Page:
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Left Hand of Darkness is Light 
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Post Left Hand of Darkness is Light
The Left Hand of Darkness is among the most influential science fiction books ever written. In some respects, it provided the template for the widely read Canopus in Argos series of five books by Doris Lessing, including Shikasta and The Sirian Experiments. Lessing expanded Le Guin’s use of galactic vision as a setting for psychological imagination and for rumination on the factors in the rise and fall of culture. Le Guin provides the template used by Lessing of an envoy from an interstellar civilization to an isolated planet as the main character and narrator of the plot. Winter, the planet of The Left Hand of Darkness, has two visited countries, Karhide and Orgoreyn, which serve as platforms for analysis of human psychology, including as prophecy and satire of the ignorance and treachery in politics, through their responses to an alien envoy who seeks to draw their planet into galactic contact. The common theme with Lessing is the patient wisdom of the old alien culture, seeing that incorporation of an isolated place into a bigger whole can be of high benefit through the sharing of experience.

The poem which gives the book its title is

“Light is the left hand of darkness
And darkness the right hand of light.
Two are one, life and death, lying
Together like lovers in kemmer,
Like hands joined together,
Like the end and the way.”
(p199).

This poem is rather like a Zen koan, a paradox that defies clear meaning but contains hidden wisdom. Traditionally, the right hand is light and the left hand is dark, based on the yin-yang polarity associating activity with transparency and passivity with concealment. For Le Guin to say that darkness has a left hand is very confusing, and to then equate darkness with 'the right hand of light' suggests a way of thought alien to traditional human categories. Behind these images is the argument that the tao which can be seen is not the real tao. The term ‘kemmer’ is an alien sexuality invented by Le Guin in which everyone is both male and female, a theme that gives rise to interesting contrasts with how male-female sexuality organises the boundaries of human life.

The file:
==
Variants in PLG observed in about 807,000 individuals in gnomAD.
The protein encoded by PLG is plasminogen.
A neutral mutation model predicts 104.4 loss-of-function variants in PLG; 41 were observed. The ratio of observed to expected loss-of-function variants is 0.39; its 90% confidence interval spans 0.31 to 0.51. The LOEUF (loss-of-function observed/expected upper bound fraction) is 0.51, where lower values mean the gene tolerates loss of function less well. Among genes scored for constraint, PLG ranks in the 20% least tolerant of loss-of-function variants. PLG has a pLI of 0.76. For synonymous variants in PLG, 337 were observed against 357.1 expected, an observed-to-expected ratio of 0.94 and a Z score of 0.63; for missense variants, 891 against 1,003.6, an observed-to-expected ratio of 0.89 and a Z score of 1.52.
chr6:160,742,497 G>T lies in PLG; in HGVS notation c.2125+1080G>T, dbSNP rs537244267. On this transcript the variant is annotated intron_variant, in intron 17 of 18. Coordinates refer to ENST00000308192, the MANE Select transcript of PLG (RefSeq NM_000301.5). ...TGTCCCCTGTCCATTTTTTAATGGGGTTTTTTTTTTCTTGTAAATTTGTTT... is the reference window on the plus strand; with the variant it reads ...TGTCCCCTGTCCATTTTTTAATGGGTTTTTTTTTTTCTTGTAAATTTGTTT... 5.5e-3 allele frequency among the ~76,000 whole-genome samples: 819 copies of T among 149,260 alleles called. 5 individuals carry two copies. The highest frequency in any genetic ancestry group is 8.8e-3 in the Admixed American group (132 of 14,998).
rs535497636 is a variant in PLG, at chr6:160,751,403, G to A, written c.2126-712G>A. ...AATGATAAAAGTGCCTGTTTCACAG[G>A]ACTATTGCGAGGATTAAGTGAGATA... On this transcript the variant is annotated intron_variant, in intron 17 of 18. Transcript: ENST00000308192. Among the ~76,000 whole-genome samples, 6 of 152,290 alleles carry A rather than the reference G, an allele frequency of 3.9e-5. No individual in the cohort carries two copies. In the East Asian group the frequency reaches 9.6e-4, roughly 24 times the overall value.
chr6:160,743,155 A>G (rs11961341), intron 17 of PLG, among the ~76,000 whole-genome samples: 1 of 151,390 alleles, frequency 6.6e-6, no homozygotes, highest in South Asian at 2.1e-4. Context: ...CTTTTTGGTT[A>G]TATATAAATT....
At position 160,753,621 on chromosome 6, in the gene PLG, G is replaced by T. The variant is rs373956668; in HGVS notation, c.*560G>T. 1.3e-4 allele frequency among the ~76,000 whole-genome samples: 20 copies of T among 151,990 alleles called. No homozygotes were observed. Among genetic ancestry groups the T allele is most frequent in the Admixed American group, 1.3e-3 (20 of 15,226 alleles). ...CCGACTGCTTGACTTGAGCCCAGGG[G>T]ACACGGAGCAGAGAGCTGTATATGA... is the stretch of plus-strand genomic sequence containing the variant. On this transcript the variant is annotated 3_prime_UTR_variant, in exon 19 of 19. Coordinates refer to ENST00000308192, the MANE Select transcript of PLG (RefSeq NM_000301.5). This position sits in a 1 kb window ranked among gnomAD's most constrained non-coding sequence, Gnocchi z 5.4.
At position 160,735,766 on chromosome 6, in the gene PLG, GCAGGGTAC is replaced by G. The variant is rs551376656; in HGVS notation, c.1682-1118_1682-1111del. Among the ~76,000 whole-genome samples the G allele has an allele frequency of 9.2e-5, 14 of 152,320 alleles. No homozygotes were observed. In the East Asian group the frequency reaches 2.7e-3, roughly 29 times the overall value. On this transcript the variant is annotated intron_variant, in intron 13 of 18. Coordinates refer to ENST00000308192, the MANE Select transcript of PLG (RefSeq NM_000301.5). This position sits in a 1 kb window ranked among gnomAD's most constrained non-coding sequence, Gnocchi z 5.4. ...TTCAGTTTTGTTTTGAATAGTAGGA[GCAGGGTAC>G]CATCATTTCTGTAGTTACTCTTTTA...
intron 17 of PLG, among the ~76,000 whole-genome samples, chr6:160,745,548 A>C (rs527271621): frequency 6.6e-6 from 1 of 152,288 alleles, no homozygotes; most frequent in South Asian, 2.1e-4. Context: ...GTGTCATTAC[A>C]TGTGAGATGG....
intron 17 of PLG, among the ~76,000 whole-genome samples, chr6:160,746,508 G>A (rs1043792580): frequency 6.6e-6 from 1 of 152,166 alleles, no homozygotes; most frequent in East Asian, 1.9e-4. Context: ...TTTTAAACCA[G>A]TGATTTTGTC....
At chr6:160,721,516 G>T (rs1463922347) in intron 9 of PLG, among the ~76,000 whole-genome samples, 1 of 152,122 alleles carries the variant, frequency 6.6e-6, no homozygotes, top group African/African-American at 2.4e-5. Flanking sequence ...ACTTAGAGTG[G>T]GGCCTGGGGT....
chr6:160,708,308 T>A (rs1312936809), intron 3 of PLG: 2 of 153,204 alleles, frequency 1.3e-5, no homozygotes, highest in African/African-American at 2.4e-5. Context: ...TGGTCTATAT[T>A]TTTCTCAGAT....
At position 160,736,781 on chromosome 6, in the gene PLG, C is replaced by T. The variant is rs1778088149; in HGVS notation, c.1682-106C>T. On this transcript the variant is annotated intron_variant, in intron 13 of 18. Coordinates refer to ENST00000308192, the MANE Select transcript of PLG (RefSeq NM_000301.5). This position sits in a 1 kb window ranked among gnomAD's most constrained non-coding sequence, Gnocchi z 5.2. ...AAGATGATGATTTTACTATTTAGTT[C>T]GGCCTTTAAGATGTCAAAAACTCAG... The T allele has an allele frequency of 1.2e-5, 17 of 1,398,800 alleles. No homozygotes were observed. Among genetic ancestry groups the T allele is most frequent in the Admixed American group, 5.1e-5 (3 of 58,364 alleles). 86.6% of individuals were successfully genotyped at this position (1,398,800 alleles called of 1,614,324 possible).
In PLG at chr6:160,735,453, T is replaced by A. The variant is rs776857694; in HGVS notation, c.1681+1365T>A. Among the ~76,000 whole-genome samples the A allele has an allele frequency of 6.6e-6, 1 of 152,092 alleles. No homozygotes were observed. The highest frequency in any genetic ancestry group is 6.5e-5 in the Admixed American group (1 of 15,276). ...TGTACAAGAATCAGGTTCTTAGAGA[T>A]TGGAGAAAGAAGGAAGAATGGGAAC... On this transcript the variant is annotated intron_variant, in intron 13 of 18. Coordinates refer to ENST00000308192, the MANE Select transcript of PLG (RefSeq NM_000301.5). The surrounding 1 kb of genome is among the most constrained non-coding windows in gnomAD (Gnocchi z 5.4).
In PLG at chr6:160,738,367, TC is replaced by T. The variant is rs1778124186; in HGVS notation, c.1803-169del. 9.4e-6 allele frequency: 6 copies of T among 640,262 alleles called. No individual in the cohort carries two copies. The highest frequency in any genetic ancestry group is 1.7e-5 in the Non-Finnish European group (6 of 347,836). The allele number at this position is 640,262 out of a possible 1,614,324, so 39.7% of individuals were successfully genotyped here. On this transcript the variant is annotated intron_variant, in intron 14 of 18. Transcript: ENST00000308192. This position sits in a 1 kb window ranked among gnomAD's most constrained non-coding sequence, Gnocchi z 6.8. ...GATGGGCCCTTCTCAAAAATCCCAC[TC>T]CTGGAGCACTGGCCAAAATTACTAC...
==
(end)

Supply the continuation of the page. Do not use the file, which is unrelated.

The statement 'two are one' is in itself an arithmetical paradox, resolved in the observation of complex systems where polarities produce a higher unity. Recognising there is no darkness without light, that night and day are like the end and the way, indicates a cyclic vision of time with a strong implicit critique of linear logic.

I was pleased to read Le Guin's comment, written in the early 1970s, that CO2 emissions could cause global warming. This was little known at that time, and reflects her capacity to be open to new big ideas about planetary life.



The following user would like to thank Robert Tulip for this post:
bleachededen
Fri Mar 19, 2010 8:14 pm
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Post Re: Left Hand of Darkness is Light
This is a great realization, Robert. Thank you for sharing it.

I'm finding that this book is proving to be more interesting to me through other people's readings of it. I wasn't very enthused while reading and only finished it out of the principle that I had to finish it, but reading everyone else's thoughts brings out aspects that I glanced over or didn't pay as close attention to, and brought out some of my own insights that I hadn't thought of until someone else mentioned something. I like that, that a book I didn't really even like can still prove to be useful just from sharing it with others. That was exactly what I was looking for when I found BookTalk, and I am happy to say I found exactly what I was looking for. And I always love your insights, Robert. :)

Thanks.



Sat Mar 20, 2010 2:10 am
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